VIRGINIA BEACH, Va. — Virginia Beach resident Myron Curtis has led a diverse life - as a U.S. Navy Chief Petty Officer and WWII vet, a public school teacher, and a nationally-renowned architectural woodturner.
Now he can add another title to that list: Centenarian.
On Saturday, friends and fans of Curtis turned up at his eclectic Sandbridge home to help him celebrate turning 100-years-old. Among those participating were the Patriot Guard Riders and members of the Tidewater Turners - a group Myron helped start, and from whom many members learned lessons allowing them to hone their skills.
According to bio information from the Patriot Guard Riders, Myron enlisted in the Navy in the fall of 1939 and served as a crewman on PBY’s conducting submarine patrols over the entire Atlantic coast from Canada to Brazil, looking for subs and picking up survivors of sunken ships.
The last three years he spent in the service before retiring, he became the flight chief on a Super Constellation collecting survey data to support a world magnetic modeling and charting program called "Project Magnet."
After 21 years in the Navy, he retired and returned to school, earning bachelor's and master's degrees in education. He became a teacher in the Virginia Beach Public School System, where he taught woodworking and then drafting from 1966 to 1984.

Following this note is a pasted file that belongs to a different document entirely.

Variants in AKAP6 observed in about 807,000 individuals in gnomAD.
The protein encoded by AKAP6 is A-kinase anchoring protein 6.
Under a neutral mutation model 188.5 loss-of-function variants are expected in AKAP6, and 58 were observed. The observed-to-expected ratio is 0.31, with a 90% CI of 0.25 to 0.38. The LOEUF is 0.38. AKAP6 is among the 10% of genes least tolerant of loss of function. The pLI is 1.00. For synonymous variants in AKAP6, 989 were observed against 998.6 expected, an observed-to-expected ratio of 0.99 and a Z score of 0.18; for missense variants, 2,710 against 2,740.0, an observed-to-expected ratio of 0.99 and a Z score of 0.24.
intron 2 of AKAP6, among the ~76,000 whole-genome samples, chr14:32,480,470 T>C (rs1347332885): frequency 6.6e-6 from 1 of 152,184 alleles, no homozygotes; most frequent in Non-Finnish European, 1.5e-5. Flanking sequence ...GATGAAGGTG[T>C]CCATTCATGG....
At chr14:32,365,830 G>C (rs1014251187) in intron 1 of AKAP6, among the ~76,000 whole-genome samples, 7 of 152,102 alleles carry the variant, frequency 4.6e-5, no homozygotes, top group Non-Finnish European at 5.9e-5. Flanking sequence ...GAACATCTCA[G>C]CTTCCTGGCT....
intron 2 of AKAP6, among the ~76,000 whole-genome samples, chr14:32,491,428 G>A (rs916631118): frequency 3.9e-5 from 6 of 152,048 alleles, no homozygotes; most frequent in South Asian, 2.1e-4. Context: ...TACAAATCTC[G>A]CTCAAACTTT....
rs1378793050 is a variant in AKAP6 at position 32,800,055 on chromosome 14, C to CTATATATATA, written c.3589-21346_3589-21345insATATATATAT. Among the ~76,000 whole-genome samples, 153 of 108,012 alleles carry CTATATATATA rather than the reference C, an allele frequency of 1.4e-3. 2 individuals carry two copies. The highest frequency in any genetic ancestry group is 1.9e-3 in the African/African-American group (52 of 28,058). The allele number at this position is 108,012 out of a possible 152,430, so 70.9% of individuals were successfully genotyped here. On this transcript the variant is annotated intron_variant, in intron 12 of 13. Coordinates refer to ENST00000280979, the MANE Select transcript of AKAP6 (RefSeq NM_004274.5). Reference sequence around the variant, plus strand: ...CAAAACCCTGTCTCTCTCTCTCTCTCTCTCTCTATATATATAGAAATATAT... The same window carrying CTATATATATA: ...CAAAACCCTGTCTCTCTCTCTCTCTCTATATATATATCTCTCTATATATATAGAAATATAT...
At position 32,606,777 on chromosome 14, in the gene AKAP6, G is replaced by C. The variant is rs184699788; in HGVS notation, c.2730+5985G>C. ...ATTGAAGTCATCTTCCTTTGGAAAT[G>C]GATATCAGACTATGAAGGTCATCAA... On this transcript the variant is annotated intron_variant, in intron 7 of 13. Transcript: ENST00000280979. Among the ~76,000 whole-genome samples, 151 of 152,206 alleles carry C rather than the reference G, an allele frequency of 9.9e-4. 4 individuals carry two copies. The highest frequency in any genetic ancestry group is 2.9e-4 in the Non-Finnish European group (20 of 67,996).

After his "second retirement," already highly skilled at the craft, he turned his attention more-or-less full-time to mastering woodturning. He has since become one of the best known and renowned turners in the country, teaching master classes and passing on his knowledge and wisdom to anyone interested in learning.
Myron has been married for over 40 years to Sue Barton Harris - an artist and teacher in her own right. They've collaborated on creative projects throughout their marriage - including designing and building their extraordinary house in Sandbridge.
Having reached 100 years of age, Curtis has slowed a bit, but his creativity still shines through.